If You Really Want to Understand Catholic Social Doctrine, You Must Read …

If You Really Want to Understand Catholic Social Doctrine, You Must Read … November 4, 2018

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The Compendium of the Social Doctrine of the Church. When I have written about Church social teaching on this blog, that’s the only text I have ever cited. (Well, okay, I’ve also cited Gaudium et Spes and papal encyclicals that comprise Church social teaching, such as Rerum Novarum or Quadragesimo Anno or Caritas in Veritate.) But my point is: When I write about Church teaching, I cite Church documents. When I want to know what the Church teaches, I read the Church.

Now, the reason I bring this is up is because, earlier today, I read on Facebook, from a Catholic blogger with a large following, this: that, if you want to avoid “counterfeit” presentations of social justice, you need to read Tony Esolen’s book on the topic.

No.

Now, I’ve not read that particular book, and for all I know, it might be very good. It’s not my point to say that Esolen’s book is full of distortions or errors. Perhaps it is; perhaps it’s not. But you know for a fact you won’t get distortions and errors if you find out what the Church teaches by reading Church documents.

When I was in graduate school, I learned to never—never—read a secondary source on anything until I had first read the primary source. C.S. Lewis wrote a very good book on Milton called A Preface to Paradise Lost. But I would never tell anyone, “Hey, if you want to understand Milton, go read Lewis.” No. To understand Milton, read Milton. When you know Paradise Lost well, then pick up C.S. Lewis’s book.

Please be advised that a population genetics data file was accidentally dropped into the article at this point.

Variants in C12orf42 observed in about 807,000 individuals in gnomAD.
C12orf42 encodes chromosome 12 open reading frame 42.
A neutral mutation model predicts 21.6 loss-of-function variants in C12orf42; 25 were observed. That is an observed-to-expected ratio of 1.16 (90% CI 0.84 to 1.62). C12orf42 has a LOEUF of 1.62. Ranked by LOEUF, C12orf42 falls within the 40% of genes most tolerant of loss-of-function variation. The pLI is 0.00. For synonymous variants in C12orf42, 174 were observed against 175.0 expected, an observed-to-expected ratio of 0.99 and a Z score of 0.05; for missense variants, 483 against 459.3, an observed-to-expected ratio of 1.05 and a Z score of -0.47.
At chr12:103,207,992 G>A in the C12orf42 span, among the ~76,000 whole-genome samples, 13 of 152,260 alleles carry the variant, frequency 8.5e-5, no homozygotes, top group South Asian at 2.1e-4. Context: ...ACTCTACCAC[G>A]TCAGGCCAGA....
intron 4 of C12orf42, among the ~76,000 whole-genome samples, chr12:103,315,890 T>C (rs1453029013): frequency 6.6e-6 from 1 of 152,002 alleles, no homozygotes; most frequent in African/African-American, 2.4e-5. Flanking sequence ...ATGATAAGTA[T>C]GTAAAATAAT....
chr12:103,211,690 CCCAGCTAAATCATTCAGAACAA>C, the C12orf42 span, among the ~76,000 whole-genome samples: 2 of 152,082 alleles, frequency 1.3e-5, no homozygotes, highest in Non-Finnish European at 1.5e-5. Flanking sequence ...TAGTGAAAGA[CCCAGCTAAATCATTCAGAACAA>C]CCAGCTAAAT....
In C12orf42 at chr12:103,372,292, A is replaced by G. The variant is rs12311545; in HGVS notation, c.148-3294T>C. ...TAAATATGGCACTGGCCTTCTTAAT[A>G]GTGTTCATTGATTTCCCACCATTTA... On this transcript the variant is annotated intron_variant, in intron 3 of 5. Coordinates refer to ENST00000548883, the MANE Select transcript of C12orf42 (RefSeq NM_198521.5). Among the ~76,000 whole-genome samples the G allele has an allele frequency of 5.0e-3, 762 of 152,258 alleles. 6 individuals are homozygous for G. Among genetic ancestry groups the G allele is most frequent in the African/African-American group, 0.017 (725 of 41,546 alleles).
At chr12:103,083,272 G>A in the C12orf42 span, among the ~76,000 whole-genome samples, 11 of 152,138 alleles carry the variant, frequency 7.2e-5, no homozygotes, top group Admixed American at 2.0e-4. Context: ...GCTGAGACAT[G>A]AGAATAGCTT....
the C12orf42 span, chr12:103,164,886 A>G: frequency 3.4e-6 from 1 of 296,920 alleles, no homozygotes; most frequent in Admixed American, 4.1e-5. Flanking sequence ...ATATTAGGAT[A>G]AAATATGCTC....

If you want to know what Augustine thought, read Augustine. If you want to know something about Faulkner, go to the library and get yourself a copy of The Sound and the Fury. If you want to know what the Church teaches in its social doctrine, you can read the Compendium of the Social Doctrine of the Church. Satan can not cast out Satan; the Church can not counterfeit the Church.

Just make sure, of course, that you read the whole thing; don’t scan around for stuff to cherry-pick that confirms whatever you already think. I mean, Evangelium Vitae is about much more than abortion, after all.

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